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Caring for the mental health of the medical workforce

The title from the BMA survey into doctors’ and medical students’ mental health applies to all specialties but Anesthesia has ranked in the top in many surveys.

40% reported symptoms of depression, anxiety, burnout, stress, emotional distress or a mental health condition that is impacting on their work/training/study.

27% of respondents reported being diagnosed with a mental health condition at some point in their life.

Doctors work when they know they are unwell and are reluctant to take sick leave.
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Most participants, if they could avoid it, did not disclose their illness to their educational supervisor or anybody else who might have any influence over their career progression. D

Access to appropriate support was impeded for the interviewees in a number of ways including cultural barriers.G

Returning from sick leave was difficult for a number of respondents. Experiences varied with regards to support from their line managers and occupational health services. 

The paper emphasizes building a supportive culture, enhancing access to support, and encouraging self-support and peer-support.

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Opioid Dose Variability and Opioid Overdose

This study on those on long term opioid therapy found high variability in opioid dose was associated with a greater than 3-fold increased risk of opioid overdose even after controlling for dose.

This occurred even on low dose opioids. Several mechanisms are postulated, including tapering leading to withdrawal effects that precipitated recommencing higher doses, seeking other opioid prescriptions or sources etc.

Individuals with sustained opioid therapy discontinuation (defined as 3 continuous months with 0 mg of morphine equivalents before the index date) were 51% less likely to have experienced an overdose than individuals who had not discontinued opioid therapy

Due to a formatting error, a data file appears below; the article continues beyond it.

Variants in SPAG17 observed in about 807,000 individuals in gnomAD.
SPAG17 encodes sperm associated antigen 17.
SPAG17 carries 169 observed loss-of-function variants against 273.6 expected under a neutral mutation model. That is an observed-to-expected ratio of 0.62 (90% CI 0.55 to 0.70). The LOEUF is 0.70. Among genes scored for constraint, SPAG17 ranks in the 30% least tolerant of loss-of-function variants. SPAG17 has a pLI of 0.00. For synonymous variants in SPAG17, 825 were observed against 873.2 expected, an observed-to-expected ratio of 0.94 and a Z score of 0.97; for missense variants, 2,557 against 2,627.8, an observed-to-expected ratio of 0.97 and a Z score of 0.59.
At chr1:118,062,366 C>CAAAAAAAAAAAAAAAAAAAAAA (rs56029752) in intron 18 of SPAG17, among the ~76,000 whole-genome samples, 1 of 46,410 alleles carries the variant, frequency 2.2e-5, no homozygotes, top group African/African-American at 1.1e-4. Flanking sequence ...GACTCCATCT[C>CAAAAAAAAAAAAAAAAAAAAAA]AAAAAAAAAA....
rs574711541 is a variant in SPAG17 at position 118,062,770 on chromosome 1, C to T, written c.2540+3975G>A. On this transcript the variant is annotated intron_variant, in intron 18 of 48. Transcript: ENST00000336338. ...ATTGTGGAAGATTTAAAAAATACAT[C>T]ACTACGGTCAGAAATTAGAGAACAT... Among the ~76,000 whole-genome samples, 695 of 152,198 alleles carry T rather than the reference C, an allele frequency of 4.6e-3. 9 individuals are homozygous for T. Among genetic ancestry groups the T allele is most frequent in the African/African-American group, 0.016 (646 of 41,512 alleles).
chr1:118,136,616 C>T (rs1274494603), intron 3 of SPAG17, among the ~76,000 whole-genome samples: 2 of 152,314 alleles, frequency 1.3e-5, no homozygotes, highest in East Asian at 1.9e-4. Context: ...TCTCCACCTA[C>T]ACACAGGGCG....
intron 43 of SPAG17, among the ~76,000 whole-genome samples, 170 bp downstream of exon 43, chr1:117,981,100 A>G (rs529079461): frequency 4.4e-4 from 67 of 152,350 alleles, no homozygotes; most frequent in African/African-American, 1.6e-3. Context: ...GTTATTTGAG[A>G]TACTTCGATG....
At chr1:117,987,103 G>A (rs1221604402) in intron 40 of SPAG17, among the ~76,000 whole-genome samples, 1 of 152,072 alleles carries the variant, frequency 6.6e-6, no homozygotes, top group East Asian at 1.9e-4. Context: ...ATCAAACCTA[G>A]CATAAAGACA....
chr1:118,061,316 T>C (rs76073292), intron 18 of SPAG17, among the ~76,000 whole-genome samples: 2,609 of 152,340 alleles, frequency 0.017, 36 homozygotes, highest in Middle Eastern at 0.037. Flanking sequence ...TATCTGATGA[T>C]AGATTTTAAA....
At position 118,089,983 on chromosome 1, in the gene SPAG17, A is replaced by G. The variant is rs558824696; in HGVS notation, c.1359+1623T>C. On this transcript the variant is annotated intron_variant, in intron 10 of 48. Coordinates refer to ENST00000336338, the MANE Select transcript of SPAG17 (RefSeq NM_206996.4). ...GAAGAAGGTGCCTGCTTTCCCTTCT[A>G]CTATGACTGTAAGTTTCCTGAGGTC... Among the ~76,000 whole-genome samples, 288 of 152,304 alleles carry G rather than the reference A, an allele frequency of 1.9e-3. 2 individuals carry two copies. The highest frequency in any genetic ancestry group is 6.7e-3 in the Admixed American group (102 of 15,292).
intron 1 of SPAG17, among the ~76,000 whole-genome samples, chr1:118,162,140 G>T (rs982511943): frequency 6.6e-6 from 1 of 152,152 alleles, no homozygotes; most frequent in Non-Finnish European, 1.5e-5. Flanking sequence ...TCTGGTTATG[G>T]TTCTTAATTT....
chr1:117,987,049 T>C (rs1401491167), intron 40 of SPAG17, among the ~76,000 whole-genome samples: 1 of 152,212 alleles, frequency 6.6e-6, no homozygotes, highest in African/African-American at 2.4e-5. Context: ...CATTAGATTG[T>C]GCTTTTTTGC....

The authors warn that physicians should consider the risks that may be associated with dose variability when designing and implementing new policies to reduce opioid prescribing.

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Night-time Extubation

Night-time extubation is generally fraught, with less expertise, staffing and resources and has been linked to adverse clinical outcomes.

This was a retrospective cohort study of mechanically ventilated adults at a single university-affiliated hospital, extubated between 7:00 PM and 6:59 AM the following day.

Reintubation and mortality did not differ compared to daytime extubation, and was associated with a shortened duration of mechanical ventilation and hospital length of stay.

This was a large urban hospital and may not necessarily apply in smaller centres, but in similar settings may help to improve resource utilization.

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WHO Surgical Safety Checklist & Mortality

A large population cohort study in a surgical setting in Scotland finds a remarkable 36% relative decrease in perioperative mortality since implementation of the WHO Surgical Safety Checklist.

No such trend in improvement was observed in the non‐surgical cohort. While causality is always difficult to prove, no other baseline demographics changed to explain the results. Most importantly, “This study provides further evidence that the success of checklist implementation is more pronounced when it is supported by a cohesive and wider approach to patient safety”, and also stresses the importance of “creating a culture of communication and teamwork that supports patient safety”.